Management: A Very Short Introduction
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Questions for Thought and Discussion
- Concepts of managing
- A popular theme in Victorian literature was ‘how to manage’ a husband or wife, meaning how to control them or get them to behave in the way you wanted or thought appropriate. Husbands generally sought to keep wives in their place and wives to keep husbands sober and out of trouble. How would you respond now to this concept of ‘managing’ a partner, and what thoughts does this raise for you about managing other relationships, in a business or organization? Under what conditions might control be possible? Under what conditions might it be desirable?
- Building on this, to what extent do you think that parents should exert control over family life, as compared with helping family members do what they want, or simply trying to keep things on an even keel? To what extent would your views carry over to managers and organizational life?
- Approaches to managing
- Considering the mechanizing, socializing and individualizing tendencies in management, which is the more dominant in the organization with which you’re most familiar?
- To what extent is this a consequence of the managers’ own tendencies, the organization’s history, its particular function or the context in which it operates?
- Do you have a preferred approach yourself? If so, why? Does it reflect your belief in how people behave and are motivated, your experience of how well different approaches work, or the ways in which you think people should be treated generally?
- What is the trade-off between the short-term efficiency of a management approach and its long-term effectiveness?
- Think of some leaders (in business, politics or sport). What makes them good or bad leaders? Do the same qualities make good or bad managers?
- Think of people who have been in positions of authority over you (parents, teachers, bosses). How important are the following qualities (a) in earning your respect and (b) in getting you to perform: (i) charisma, (ii) status, (iii) honesty, (iv) kindness, (v) competence, (vi) focus, (vii) drive, (viii) hard work, (ix) insight? What does this tell you about the art of managing?
- Imagine three situations. In one you have a regular job and a steady salary. In the second you are paid and retained (or otherwise) according to individual performance measures. In the third the performance measures are set for the group of which you are a part, not individually. In which situation do you think you’d do the best job? Which would give you most job satisfaction? What additional management measures might be needed to make each approach work effectively?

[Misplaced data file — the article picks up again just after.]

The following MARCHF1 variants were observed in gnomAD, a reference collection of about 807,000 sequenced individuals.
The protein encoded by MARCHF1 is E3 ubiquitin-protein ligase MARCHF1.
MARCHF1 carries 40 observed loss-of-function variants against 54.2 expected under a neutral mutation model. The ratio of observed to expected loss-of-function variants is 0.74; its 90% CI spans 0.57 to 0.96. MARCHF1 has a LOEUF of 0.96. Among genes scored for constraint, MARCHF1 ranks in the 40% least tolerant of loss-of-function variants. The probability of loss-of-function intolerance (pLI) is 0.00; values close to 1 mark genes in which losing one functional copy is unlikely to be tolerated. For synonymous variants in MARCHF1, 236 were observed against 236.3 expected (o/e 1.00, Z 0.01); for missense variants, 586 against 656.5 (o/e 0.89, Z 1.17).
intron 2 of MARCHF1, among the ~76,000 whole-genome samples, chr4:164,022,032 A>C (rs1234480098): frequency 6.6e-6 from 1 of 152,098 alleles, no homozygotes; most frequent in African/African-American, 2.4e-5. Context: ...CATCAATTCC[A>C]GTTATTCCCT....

- To what extent do you think the manager or supervisor of a team should be a monitor and to what extent a mentor? How, in your experience, do things work out in practice, and what might be done to make them work out differently?
- Managing across culturs
- What can we learn from the attitudes of managers in cultures other than our own? Is the American dominated management literature something from which everybody can learn, or does it only really apply to America?
- Sense-making, morals, and mistakes
- Tell the story of your life, or of your career, in under a page. Would you have told the same story, up to that point, three or five years ago? If not, what has changed in the way you tell it, and why?
- Think of yourself in relation to some work colleagues, fellow student or friends. How do you think you have grown or developed over the last few years? How do you think they have grown and developed? Now, how do they think they have grown and developed? How do they think you have grown and developed? How well does a manager need to understand the people for whom she’s responsible in order to a do a good job managing?
- Think of important judgments or decisions that you have made, and your reasons for them. Which came first, the judgments/decisions, or the rationale?
- Think of mistakes you’ve made, that have affected other people. (Oh yes, you have!) How did you respond? How, on reflection, do you think you should have responded?
- Think of mistakes other people have made, that have affected you. How did you respond? How, on reflection, do you think you should have responded?
- ‘All’s fair in love, war and business.’ Does anything go in business, so long as you get results, or should management be governed by the same moral values as we apply to friendships and communities?
Other books by John Hendry
- Hendry, John Between Enterprise and Ethics: Business and Management in a Bimoral Society (Oxford University Press, 2004)
- A full list of titles for Further Reading is provided at the end of Management: A Very Short Introduction